But passing these things, let us look to principles, and that with respect to their native and regular influence on sanctification. And I am willing that that should determine the matter, next to the consonancy of the principles themselves to the word of God. It can be no doctrine of God, that is not according to godliness. Some think, that if good works, and holiness, and repentance, be allowed no room in justification, that there is no room left for them in the world, and in the practice of believers. So hard seems it to be to some, to keep in their eye the certain fixed bounds betwixt justification and sanctification. There is no difference betwixt a justified and a sanctified man; for he is always the same person that partakes of these privileges. But justification and sanctification differ greatly, in many respects; as is commonly known. But to come a little closer:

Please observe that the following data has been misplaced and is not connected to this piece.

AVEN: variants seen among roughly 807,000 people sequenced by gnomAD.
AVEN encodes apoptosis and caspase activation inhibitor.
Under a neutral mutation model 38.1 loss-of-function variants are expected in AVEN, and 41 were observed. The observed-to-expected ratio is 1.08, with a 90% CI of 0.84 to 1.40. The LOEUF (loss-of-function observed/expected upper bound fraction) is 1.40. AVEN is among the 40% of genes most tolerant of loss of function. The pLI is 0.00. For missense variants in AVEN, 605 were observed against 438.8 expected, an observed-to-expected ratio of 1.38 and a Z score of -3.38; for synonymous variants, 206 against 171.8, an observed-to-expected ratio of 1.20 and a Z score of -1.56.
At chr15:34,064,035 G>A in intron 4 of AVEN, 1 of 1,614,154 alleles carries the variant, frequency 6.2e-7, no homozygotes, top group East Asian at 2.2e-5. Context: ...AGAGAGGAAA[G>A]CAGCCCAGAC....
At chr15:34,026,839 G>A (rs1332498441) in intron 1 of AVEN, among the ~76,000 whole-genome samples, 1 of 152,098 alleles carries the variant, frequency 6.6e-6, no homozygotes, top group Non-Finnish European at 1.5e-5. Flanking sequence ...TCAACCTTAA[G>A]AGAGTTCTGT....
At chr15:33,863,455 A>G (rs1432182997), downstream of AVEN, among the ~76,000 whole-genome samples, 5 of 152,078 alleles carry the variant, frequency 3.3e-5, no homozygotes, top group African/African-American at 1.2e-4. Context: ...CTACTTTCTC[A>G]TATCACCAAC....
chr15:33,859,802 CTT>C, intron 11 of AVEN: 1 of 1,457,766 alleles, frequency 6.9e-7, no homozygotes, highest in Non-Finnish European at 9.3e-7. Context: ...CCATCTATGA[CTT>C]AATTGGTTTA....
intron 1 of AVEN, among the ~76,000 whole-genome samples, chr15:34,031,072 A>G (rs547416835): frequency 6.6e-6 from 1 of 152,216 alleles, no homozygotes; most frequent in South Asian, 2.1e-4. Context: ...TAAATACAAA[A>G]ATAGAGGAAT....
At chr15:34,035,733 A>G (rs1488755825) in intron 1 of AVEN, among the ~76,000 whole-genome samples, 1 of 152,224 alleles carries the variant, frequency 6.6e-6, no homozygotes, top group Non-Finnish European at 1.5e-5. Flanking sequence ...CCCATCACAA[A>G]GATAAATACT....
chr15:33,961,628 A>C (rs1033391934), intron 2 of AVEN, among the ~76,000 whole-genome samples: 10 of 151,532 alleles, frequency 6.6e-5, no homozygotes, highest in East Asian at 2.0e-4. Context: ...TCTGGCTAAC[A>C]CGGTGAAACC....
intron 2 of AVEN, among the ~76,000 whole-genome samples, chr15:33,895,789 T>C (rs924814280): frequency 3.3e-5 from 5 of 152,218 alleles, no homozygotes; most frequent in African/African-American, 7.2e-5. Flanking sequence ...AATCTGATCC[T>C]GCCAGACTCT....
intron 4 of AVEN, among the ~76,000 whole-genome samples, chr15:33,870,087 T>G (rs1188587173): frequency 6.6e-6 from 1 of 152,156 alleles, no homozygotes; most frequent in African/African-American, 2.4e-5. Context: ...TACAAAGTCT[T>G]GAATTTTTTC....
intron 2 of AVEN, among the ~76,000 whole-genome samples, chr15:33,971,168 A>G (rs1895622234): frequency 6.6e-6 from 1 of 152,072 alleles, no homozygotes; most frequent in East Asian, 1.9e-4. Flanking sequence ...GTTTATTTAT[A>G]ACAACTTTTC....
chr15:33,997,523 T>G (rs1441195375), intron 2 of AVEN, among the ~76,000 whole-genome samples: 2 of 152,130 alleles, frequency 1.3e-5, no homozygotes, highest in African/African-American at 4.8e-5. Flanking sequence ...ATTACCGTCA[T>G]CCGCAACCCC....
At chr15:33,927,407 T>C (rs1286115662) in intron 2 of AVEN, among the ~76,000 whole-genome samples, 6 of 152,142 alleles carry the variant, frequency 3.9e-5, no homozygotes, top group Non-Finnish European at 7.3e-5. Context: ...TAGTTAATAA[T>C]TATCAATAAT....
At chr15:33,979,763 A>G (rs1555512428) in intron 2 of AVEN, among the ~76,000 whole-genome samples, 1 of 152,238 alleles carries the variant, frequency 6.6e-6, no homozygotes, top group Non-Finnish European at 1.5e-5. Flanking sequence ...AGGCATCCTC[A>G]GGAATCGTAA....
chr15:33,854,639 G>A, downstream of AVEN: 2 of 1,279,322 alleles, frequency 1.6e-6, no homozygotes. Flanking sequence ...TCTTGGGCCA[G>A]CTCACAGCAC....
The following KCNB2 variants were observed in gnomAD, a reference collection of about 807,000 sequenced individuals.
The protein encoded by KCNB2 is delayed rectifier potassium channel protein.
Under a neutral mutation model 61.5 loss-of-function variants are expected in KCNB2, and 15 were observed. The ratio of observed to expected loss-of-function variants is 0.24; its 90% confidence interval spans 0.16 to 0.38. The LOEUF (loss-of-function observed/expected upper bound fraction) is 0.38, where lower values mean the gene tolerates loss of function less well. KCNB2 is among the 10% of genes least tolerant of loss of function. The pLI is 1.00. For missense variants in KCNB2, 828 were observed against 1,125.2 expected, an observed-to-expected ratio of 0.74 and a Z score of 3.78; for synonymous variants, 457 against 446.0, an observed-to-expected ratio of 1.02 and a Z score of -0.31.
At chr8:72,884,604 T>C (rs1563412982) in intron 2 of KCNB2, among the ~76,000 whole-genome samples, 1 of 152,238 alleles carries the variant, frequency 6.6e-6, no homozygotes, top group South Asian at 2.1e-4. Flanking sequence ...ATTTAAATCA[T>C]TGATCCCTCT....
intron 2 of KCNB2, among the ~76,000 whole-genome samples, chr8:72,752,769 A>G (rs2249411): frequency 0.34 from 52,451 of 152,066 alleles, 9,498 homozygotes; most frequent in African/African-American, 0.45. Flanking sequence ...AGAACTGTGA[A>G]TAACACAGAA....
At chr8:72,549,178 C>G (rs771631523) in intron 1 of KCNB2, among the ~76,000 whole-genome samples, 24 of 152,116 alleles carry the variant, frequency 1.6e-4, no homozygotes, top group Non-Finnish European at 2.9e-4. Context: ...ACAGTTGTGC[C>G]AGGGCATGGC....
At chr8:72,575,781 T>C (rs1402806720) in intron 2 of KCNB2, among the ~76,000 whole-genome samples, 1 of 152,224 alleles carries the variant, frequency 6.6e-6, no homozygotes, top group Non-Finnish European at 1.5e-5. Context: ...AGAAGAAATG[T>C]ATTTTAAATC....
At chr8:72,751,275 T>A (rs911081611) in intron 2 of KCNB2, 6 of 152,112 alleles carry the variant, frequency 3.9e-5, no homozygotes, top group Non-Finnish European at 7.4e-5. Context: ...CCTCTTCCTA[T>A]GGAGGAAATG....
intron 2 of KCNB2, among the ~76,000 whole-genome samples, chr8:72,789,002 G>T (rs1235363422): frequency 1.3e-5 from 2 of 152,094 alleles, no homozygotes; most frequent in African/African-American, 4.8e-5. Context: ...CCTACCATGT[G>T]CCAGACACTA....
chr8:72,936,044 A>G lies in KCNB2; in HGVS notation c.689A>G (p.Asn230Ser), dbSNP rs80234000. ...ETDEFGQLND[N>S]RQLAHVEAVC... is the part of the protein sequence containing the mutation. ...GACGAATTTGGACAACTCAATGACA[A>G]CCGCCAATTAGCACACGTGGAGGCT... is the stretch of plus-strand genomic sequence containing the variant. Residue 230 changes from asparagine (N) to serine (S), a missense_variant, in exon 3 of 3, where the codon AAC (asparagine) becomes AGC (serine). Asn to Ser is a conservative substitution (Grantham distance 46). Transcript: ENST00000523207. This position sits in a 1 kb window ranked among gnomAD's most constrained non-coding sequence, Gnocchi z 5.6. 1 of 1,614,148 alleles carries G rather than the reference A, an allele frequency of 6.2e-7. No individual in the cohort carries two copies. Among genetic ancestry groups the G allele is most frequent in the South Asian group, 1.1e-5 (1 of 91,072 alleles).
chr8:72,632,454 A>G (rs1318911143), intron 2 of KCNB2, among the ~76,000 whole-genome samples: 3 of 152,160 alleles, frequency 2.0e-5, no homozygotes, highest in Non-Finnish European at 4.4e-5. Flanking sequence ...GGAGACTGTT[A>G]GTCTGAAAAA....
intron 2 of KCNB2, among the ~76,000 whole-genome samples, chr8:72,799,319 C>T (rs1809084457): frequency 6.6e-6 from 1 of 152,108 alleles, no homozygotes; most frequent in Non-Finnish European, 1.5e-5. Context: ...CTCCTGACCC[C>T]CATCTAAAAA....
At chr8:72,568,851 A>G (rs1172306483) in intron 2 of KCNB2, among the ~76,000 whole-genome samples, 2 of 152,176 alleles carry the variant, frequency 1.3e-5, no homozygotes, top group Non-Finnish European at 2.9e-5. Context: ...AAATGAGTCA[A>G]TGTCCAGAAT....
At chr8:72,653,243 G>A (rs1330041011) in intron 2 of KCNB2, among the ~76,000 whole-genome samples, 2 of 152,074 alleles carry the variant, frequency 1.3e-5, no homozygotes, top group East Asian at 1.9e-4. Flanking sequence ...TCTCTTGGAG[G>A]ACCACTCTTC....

The party here suspected of Antinomianism, do confidently protest, before God, angels, and men, That they espouse no new doctrine about the grace of God and justification, and the other coincident points, but what the reformers at home and abroad did teach, and all the Protestant churches do own. And that in sum is: "That a law-condemned sinner is freely justified by God's grace, through the redemption that is in Jesus Christ; that he is justified only for the righteousness of Christ imputed to him by God of his free grace, and received by faith alone as an instrument; which faith is the gift of the same grace." For guarding against licentiousness, they constantly teach, out of God's word, "That without holiness no man can see God: That all that believe truly on Jesus Christ, as they are justified by the sprinkling of his blood, so are they sanctified by the effusion of his Spirit: that all that boast of their faith in Christ, and yet live after their own lusts, and the course of this world, have no true faith at all; but do, in their profession, and contradicting practice, blaspheme the name of God, and the doctrine of his grace; and continuing so, shall perish with a double destruction, beyond that of the openly profane, that make no profession." And when they find any such in their communion, which is exceeding rarely, they cast them out as dead branches. They teach, "That as the daily study of sanctification is a necessary exercise to all that are in Christ; so the rule of their direction therein, is the holy spotless law of God in Christ's hand: That the Holy Ghost is the beginner and advancer of this work, and faith in Jesus Christ the great mean thereof: That no man can be holy till he be in Christ, and united to him by faith; and that no man is truly in Christ, but he is thereby sanctified. They preach the law, to condemn all flesh out of Christ, and to shew thereby to people the necessity of betaking themselves to him for salvation." See the savoury words of blessed Tindal, called the apostle of England, in his letter to John Frith, written Jan. 1533, (Book of Martyrs, vol. ii. p. 308). "Expound the law truly, and open the veil of Moses, to condemn all flesh, and prove all men sinners, and all deeds under the law, before mercy have taken away the condemnation thereof, to be sin, and damnable; and then as a faithful minister, set abroach the mercy of our Lord Jesus, and let the wounded consciences drink of the water of him. And then shall your preaching be with power, and not as the hypocrites. And the Spirit of God shall work with you; and all consciences shall bear record unto you, and feel that it is so. And all doctrine that casteth a mist on these two, to shadow and hide them, I mean the law of God, and mercy of Christ, that resist you with all your power." And so do we.